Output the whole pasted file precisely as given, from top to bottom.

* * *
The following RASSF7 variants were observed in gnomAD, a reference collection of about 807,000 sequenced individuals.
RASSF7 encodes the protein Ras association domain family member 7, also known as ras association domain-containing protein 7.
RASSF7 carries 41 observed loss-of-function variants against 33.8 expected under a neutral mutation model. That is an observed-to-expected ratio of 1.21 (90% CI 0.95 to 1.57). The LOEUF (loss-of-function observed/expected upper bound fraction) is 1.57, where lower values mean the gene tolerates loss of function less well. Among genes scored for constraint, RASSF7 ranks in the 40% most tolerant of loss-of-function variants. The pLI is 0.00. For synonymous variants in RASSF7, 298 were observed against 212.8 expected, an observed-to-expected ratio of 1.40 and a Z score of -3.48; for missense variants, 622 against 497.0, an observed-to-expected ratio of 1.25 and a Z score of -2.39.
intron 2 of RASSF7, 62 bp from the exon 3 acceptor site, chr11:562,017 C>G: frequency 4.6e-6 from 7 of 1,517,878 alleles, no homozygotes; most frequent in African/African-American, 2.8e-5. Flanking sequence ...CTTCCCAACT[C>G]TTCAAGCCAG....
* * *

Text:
The following RASSF7 variants were observed in gnomAD, a reference collection of about 807,000 sequenced individuals.
RASSF7 encodes the protein Ras association domain family member 7, also known as ras association domain-containing protein 7.
RASSF7 carries 41 observed loss-of-function variants against 33.8 expected under a neutral mutation model. That is an observed-to-expected ratio of 1.21 (90% CI 0.95 to 1.57). The LOEUF (loss-of-function observed/expected upper bound fraction) is 1.57, where lower values mean the gene tolerates loss of function less well. Among genes scored for constraint, RASSF7 ranks in the 40% most tolerant of loss-of-function variants. The pLI is 0.00. For synonymous variants in RASSF7, 298 were observed against 212.8 expected, an observed-to-expected ratio of 1.40 and a Z score of -3.48; for missense variants, 622 against 497.0, an observed-to-expected ratio of 1.25 and a Z score of -2.39.
intron 2 of RASSF7, 62 bp from the exon 3 acceptor site, chr11:562,017 C>G: frequency 4.6e-6 from 7 of 1,517,878 alleles, no homozygotes; most frequent in African/African-American, 2.8e-5. Flanking sequence ...CTTCCCAACT[C>G]TTCAAGCCAG....